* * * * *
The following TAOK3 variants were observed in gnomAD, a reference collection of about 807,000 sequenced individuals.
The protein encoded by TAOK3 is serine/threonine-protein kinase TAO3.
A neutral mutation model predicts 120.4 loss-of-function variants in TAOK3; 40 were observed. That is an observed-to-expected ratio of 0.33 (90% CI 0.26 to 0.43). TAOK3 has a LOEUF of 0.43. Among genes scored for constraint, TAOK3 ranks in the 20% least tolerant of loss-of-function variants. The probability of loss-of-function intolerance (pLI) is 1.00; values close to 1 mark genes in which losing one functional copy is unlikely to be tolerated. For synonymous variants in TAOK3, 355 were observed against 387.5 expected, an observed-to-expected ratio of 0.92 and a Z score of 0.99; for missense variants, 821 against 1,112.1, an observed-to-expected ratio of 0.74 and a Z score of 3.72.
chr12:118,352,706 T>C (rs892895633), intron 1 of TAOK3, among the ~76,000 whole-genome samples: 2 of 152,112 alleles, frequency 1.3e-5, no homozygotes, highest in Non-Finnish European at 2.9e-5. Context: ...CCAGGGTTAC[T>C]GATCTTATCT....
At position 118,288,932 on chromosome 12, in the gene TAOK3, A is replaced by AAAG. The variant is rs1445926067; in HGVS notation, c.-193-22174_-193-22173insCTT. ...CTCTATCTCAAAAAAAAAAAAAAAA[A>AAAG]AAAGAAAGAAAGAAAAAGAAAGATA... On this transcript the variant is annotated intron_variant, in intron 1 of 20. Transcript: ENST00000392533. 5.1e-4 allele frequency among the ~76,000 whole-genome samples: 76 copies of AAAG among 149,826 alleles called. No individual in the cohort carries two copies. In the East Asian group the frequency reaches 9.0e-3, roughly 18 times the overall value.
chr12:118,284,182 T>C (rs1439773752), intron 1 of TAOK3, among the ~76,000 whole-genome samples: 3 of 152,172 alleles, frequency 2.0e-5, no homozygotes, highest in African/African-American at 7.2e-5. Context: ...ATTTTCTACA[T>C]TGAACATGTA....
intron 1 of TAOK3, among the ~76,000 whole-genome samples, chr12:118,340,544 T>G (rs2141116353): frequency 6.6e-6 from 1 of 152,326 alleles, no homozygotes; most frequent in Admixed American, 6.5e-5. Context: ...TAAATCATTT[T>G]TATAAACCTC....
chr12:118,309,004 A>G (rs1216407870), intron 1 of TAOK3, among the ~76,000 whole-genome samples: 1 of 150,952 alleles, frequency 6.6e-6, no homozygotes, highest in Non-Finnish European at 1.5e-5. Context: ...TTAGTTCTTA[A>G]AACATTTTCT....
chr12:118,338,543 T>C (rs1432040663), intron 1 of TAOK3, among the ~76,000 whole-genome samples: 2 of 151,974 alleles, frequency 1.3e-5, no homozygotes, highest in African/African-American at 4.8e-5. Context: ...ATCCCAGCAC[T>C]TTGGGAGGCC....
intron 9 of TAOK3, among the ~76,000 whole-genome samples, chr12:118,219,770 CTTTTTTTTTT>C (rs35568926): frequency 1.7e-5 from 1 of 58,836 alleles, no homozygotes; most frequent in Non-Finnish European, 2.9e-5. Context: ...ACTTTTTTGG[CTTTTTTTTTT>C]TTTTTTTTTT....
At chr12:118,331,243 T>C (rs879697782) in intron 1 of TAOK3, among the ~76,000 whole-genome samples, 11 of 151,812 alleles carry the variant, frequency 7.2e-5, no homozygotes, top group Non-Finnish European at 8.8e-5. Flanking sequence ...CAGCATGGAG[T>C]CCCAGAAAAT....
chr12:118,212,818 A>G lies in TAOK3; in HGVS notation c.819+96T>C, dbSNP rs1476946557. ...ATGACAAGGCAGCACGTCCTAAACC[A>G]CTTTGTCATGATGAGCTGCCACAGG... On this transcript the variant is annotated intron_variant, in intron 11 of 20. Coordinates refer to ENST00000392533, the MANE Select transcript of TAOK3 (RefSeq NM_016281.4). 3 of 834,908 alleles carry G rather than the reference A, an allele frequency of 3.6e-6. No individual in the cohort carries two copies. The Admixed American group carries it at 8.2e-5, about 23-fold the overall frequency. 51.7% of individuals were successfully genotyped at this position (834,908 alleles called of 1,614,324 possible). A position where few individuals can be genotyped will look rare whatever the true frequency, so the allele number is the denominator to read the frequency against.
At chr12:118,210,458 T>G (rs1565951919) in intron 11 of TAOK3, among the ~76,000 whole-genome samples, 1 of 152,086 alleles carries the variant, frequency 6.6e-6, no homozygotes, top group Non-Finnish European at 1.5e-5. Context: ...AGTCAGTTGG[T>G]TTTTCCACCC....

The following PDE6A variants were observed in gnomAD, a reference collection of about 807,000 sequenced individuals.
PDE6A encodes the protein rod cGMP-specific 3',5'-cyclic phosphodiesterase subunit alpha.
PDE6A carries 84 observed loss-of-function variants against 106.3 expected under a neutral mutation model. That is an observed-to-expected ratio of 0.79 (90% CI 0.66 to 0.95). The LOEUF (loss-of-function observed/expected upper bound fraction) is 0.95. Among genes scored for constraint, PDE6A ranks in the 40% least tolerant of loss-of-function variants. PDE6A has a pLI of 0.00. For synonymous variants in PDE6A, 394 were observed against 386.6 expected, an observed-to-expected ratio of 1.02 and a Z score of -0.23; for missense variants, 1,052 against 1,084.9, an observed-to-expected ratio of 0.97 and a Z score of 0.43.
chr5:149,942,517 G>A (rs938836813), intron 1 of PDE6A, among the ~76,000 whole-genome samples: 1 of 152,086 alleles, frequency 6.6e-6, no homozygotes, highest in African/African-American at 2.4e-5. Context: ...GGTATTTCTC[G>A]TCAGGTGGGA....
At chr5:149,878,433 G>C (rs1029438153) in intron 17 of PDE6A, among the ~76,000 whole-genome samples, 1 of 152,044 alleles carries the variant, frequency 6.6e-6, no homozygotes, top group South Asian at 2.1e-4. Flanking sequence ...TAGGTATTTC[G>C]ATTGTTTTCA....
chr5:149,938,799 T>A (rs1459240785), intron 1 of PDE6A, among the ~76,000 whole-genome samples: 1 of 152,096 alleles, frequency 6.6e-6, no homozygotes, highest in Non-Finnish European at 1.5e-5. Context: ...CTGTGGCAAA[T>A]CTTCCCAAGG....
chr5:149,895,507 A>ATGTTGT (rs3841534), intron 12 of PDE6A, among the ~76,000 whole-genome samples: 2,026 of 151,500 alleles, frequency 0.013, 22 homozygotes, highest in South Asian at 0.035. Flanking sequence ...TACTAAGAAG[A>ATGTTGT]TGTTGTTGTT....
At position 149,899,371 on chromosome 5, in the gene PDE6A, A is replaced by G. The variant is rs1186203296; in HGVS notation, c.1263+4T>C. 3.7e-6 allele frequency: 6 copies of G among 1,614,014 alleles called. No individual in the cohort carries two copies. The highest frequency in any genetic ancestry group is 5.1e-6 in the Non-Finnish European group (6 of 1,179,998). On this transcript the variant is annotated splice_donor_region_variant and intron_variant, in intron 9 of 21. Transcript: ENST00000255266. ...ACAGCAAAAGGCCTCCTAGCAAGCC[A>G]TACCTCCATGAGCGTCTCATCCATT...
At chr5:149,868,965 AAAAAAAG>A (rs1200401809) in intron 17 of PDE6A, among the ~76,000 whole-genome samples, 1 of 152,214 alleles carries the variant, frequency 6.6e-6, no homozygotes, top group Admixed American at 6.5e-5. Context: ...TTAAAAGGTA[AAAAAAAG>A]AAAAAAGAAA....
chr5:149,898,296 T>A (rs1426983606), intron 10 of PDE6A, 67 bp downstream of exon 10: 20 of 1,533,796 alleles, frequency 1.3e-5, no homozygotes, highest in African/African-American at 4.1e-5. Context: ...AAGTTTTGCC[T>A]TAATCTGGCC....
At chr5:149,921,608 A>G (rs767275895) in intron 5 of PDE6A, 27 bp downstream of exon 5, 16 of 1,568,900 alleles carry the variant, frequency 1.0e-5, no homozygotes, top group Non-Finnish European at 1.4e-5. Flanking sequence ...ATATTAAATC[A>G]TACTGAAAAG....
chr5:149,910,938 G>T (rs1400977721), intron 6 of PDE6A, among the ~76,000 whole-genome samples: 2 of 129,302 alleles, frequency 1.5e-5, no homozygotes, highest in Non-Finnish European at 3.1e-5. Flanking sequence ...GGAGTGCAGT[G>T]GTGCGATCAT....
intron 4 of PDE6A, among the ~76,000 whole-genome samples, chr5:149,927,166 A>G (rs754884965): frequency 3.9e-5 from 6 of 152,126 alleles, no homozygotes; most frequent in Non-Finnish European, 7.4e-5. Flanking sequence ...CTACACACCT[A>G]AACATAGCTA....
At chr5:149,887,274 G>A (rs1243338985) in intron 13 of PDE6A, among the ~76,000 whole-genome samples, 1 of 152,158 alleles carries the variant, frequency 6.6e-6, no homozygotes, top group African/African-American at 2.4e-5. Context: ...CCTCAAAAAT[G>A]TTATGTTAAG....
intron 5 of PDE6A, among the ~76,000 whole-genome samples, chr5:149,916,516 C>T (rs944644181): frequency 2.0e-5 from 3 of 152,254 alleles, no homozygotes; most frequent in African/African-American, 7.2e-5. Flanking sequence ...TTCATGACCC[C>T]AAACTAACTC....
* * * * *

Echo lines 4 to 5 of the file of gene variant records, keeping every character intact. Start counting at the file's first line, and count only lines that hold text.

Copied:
chr12:118,352,706 T>C (rs892895633), intron 1 of TAOK3, among the ~76,000 whole-genome samples: 2 of 152,112 alleles, frequency 1.3e-5, no homozygotes, highest in Non-Finnish European at 2.9e-5. Context: ...CCAGGGTTAC[T>C]GATCTTATCT....
At position 118,288,932 on chromosome 12, in the gene TAOK3, A is replaced by AAAG. The variant is rs1445926067; in HGVS notation, c.-193-22174_-193-22173insCTT. ...CTCTATCTCAAAAAAAAAAAAAAAA[A>AAAG]AAAGAAAGAAAGAAAAAGAAAGATA... On this transcript the variant is annotated intron_variant, in intron 1 of 20. Transcript: ENST00000392533. 5.1e-4 allele frequency among the ~76,000 whole-genome samples: 76 copies of AAAG among 149,826 alleles called. No individual in the cohort carries two copies. In the East Asian group the frequency reaches 9.0e-3, roughly 18 times the overall value.